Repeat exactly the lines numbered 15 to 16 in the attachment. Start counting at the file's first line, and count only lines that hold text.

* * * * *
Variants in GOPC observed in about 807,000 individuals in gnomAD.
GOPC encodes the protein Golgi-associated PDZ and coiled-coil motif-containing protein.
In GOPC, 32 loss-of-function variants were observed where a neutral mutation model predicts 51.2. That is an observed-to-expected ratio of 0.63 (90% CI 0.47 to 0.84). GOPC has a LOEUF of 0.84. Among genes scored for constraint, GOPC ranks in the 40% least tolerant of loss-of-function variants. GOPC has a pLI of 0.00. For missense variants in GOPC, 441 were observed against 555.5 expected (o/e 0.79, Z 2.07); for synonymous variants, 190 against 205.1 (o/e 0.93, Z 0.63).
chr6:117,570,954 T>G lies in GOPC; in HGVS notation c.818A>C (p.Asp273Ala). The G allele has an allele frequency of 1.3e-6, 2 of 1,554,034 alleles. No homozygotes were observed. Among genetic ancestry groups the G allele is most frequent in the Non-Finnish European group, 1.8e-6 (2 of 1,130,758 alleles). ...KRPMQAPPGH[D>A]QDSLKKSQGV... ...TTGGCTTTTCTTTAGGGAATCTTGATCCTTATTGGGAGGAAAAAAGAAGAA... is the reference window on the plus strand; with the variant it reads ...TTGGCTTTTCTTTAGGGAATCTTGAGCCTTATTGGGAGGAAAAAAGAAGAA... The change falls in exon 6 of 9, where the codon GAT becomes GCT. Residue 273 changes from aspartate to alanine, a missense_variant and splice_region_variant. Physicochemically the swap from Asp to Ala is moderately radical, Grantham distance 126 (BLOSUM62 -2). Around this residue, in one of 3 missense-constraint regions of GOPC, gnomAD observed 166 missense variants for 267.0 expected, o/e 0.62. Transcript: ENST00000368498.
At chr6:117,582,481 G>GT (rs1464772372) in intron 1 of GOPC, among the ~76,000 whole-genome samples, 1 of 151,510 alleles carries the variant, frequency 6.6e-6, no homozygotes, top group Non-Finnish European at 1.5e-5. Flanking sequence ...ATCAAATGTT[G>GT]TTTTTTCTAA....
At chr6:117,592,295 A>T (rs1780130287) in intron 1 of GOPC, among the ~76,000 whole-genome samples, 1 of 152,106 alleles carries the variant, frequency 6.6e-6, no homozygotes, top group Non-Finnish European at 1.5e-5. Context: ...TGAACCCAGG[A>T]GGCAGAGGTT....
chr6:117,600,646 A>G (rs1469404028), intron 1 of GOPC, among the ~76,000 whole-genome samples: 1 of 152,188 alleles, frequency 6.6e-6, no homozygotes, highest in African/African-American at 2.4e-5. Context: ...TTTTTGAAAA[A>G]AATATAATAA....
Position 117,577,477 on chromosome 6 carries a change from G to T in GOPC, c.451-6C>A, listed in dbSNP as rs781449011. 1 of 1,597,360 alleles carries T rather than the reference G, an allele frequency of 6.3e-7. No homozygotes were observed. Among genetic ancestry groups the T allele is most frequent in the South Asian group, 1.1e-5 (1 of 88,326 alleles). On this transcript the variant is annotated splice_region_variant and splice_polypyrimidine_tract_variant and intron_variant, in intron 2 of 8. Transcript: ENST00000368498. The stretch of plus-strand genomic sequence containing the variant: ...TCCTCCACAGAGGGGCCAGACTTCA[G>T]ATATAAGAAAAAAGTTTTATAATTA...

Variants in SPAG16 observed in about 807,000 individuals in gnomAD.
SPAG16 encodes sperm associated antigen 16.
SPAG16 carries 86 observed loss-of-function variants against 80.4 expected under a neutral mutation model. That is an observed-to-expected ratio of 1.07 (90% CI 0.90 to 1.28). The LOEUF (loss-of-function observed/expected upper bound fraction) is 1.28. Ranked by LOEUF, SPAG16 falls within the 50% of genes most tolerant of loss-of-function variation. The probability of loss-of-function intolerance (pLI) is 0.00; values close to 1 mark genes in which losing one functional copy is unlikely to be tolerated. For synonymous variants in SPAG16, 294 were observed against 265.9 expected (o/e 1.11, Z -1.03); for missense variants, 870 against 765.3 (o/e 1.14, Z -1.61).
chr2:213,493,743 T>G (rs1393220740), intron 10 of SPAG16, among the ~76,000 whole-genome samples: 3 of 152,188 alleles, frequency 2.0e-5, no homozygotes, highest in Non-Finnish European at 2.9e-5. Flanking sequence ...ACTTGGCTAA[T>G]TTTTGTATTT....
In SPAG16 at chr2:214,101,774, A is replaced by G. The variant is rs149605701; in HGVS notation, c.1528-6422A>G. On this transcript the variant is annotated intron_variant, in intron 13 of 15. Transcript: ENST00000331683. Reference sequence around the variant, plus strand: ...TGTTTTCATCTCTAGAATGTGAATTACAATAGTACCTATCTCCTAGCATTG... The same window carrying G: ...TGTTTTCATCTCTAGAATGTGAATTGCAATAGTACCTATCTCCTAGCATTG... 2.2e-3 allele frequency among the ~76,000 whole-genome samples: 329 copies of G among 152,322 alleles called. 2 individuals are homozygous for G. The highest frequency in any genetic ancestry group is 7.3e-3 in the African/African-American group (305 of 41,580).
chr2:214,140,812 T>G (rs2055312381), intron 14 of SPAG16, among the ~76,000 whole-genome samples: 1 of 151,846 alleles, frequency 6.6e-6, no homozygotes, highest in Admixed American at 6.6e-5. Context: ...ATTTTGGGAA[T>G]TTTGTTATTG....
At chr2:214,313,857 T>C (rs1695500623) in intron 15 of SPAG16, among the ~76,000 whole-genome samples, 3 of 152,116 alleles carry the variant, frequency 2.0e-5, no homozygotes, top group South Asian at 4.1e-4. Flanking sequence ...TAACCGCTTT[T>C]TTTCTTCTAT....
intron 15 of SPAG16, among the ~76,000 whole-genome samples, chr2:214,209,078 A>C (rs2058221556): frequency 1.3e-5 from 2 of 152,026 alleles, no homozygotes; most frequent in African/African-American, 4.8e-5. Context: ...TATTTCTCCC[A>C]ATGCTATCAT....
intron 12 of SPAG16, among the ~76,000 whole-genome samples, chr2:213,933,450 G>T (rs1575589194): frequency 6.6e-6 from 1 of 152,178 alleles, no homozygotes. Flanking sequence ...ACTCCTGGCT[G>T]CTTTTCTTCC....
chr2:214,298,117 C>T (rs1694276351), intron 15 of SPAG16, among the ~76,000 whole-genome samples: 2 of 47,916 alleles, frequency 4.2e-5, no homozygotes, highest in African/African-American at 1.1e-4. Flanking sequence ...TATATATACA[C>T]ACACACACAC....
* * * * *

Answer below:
At chr2:214,313,857 T>C (rs1695500623) in intron 15 of SPAG16, among the ~76,000 whole-genome samples, 3 of 152,116 alleles carry the variant, frequency 2.0e-5, no homozygotes, top group South Asian at 4.1e-4. Flanking sequence ...TAACCGCTTT[T>C]TTTCTTCTAT....
intron 15 of SPAG16, among the ~76,000 whole-genome samples, chr2:214,209,078 A>C (rs2058221556): frequency 1.3e-5 from 2 of 152,026 alleles, no homozygotes; most frequent in African/African-American, 4.8e-5. Context: ...TATTTCTCCC[A>C]ATGCTATCAT....